What do you think?

Comments

  1. I agree. The days of the click-wheeled, platter-based iPod are dead. It’s iPhones and Touches from here on out. I even see there being some sort of mini version to replace the nano and/or shuffle. Well, maybe they’ll keep the shuffle.

  2. For the computer part, I agree, BUT, the fact that the Mac Mini didn’t have an real upgrade recently, like the iMac, let me think this “mysterious product transition” is all about Mac mini…

  3. Does this mean an upgrade in storage? That’s the only thing keeping me from getting an iPod touch. 32GB is still too small for the touch to be my main portable media device.

  4. Well, whenever anybody does the “This product does not fill a need,” I’m always reminded that back in 1984, nobody was saying, “Gosh, I really need a personal computer that displays icons for all my files.” So I wouldn’t ever say, “This will never happen.”

    One of the popular items for cost-conscious consumers are laptops in the $600-$1000 area. Apple has nothing in this area. Now, sure, they could drop the price or build a cheap MacBook to try to compete in this area. But Apple doesn’t usually do that because, at that point, you’re in a race to the bottom: How much can you slash margins?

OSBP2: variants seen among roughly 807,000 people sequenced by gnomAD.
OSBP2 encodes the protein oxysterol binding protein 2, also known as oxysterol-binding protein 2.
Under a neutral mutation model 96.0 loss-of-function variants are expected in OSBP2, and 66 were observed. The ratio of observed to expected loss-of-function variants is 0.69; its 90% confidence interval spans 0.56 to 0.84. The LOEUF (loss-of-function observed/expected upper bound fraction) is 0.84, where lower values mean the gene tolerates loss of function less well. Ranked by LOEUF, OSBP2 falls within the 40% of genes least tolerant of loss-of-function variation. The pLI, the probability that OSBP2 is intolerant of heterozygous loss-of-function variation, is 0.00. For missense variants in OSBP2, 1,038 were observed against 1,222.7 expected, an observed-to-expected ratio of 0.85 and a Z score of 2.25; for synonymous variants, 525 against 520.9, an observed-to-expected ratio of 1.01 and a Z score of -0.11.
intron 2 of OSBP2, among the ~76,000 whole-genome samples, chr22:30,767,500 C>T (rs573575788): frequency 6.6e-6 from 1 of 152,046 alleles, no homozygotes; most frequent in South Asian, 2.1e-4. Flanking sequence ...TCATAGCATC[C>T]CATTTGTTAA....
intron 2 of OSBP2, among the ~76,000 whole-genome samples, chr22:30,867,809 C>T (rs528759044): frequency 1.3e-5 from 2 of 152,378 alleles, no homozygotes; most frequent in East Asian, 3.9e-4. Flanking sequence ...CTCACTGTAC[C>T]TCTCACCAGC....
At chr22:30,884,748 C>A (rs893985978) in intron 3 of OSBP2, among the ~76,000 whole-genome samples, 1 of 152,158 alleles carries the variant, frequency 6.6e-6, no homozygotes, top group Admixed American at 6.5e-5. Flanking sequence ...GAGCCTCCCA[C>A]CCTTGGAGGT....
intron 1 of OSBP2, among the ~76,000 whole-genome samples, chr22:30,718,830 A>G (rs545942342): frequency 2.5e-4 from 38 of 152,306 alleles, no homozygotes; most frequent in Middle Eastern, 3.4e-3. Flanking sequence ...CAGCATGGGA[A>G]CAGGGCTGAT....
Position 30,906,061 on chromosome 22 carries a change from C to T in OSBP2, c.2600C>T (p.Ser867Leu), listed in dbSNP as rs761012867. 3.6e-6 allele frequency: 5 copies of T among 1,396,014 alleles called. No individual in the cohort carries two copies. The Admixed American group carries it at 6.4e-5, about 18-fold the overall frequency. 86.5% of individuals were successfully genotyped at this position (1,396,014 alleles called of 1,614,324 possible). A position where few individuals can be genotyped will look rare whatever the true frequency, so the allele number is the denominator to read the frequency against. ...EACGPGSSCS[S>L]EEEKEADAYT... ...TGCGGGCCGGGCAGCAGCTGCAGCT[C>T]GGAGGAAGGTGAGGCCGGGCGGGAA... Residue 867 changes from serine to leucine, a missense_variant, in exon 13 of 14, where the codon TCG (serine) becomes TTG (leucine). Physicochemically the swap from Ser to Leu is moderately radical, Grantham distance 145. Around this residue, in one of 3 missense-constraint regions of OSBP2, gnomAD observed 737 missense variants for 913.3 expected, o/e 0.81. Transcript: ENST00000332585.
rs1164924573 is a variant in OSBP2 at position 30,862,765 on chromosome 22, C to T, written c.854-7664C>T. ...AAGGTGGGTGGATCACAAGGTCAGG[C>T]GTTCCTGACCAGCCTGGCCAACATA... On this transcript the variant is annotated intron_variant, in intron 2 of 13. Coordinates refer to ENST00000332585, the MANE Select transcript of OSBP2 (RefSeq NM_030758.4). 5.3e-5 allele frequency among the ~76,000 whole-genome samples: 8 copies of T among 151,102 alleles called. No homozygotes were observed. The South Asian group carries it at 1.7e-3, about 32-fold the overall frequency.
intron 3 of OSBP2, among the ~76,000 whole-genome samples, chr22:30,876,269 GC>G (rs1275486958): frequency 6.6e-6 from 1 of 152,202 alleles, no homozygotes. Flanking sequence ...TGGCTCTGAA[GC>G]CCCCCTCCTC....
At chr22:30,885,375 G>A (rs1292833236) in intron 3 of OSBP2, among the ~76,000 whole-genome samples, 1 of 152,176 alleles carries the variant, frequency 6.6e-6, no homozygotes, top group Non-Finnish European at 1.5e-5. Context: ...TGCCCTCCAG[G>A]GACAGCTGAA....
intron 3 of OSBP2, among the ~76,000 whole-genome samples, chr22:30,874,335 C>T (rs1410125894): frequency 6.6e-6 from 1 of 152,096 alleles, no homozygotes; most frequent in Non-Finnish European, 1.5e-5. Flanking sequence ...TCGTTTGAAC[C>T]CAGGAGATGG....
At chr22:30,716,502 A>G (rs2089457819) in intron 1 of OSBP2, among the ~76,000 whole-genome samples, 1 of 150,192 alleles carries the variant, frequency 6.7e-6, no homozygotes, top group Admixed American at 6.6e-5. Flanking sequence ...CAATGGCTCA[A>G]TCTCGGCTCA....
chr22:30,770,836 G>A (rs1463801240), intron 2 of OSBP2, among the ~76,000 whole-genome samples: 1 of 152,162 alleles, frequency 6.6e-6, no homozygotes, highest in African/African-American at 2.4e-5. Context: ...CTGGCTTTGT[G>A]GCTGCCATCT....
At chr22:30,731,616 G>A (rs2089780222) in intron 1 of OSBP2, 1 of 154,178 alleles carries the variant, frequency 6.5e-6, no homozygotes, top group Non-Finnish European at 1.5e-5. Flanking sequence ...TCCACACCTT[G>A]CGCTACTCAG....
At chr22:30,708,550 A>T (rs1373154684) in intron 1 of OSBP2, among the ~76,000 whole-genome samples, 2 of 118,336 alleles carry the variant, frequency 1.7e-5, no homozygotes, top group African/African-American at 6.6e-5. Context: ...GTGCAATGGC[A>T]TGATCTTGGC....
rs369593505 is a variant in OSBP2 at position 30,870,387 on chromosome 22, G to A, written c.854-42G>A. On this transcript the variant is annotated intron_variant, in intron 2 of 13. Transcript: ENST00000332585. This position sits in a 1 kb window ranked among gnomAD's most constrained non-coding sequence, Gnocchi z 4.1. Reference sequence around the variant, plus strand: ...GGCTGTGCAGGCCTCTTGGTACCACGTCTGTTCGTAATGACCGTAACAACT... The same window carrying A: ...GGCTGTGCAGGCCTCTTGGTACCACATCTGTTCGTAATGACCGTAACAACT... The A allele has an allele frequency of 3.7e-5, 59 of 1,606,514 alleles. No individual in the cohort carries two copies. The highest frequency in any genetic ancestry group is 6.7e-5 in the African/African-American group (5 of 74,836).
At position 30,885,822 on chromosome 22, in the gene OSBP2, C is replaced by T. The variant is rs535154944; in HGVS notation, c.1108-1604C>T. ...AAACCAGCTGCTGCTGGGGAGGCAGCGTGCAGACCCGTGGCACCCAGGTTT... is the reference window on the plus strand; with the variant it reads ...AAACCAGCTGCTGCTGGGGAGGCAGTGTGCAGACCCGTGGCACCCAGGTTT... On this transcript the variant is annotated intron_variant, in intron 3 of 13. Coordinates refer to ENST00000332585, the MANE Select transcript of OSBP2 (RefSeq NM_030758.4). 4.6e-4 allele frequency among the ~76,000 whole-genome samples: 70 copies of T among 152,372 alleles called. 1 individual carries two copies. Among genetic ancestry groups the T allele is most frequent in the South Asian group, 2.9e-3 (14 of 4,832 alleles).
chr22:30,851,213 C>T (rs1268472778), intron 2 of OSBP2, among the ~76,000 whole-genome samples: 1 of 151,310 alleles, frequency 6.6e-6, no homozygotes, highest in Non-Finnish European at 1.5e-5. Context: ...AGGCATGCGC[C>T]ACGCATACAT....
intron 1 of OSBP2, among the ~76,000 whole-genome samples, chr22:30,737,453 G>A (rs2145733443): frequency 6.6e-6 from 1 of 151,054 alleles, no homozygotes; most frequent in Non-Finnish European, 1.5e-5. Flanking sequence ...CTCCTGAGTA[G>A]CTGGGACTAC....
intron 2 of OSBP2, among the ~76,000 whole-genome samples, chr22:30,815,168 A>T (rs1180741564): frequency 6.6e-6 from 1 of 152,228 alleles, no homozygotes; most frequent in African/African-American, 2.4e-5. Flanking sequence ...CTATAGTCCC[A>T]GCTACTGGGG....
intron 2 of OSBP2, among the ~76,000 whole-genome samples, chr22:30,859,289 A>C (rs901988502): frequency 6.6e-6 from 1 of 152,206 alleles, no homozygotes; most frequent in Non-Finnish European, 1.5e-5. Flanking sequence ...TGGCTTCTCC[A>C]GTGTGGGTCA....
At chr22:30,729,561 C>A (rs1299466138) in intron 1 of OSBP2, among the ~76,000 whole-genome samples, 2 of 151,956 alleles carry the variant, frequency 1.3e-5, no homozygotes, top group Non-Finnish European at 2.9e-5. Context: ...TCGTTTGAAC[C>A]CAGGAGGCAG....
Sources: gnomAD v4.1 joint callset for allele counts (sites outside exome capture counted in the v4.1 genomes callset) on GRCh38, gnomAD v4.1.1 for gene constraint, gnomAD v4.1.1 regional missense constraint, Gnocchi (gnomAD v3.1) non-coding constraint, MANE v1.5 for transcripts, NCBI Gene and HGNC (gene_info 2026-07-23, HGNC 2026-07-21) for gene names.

Consider an iTablet based off the MacBook . No keyboard (on screen, like the iPhone). No mouse. One USB port (like the MacBook Air). For $899. Now Apple has something in the “cheap laptop” area that is “better” than everyone else’s cheap laptop.

    So I wouldn’t bet against an iTablet.

    The iPod, though, is a definite. I’ll be curious to see how or whether Apple will manage to shrink multi-touch to a 2 inch display…

  5. @Peter

    I understand the idea, and I respect your opinion on it, but I have to disagree completely. No mouse, no keyboard, and running OS X with applications that are designed for a keyboard and mouse will not be efficient in any way.

    A larger iPhone, which is the other big rumor, wouldn’t work right now either. Applications a being designed for the iPhone and iPod Touch – they won’t work as well on a moderately larger screen – and Apple is busy building an entirely new market with the App Store for both devices. They’re not going to start a third development system right now.

    People are still figuring out the iPhone and how to best use it – an iTablet just crowds the market. It’s just not happening right now.

    Maybe in a few years something like this will happen, but its not coming right now.

    Even if it was – its not a “product transition” device.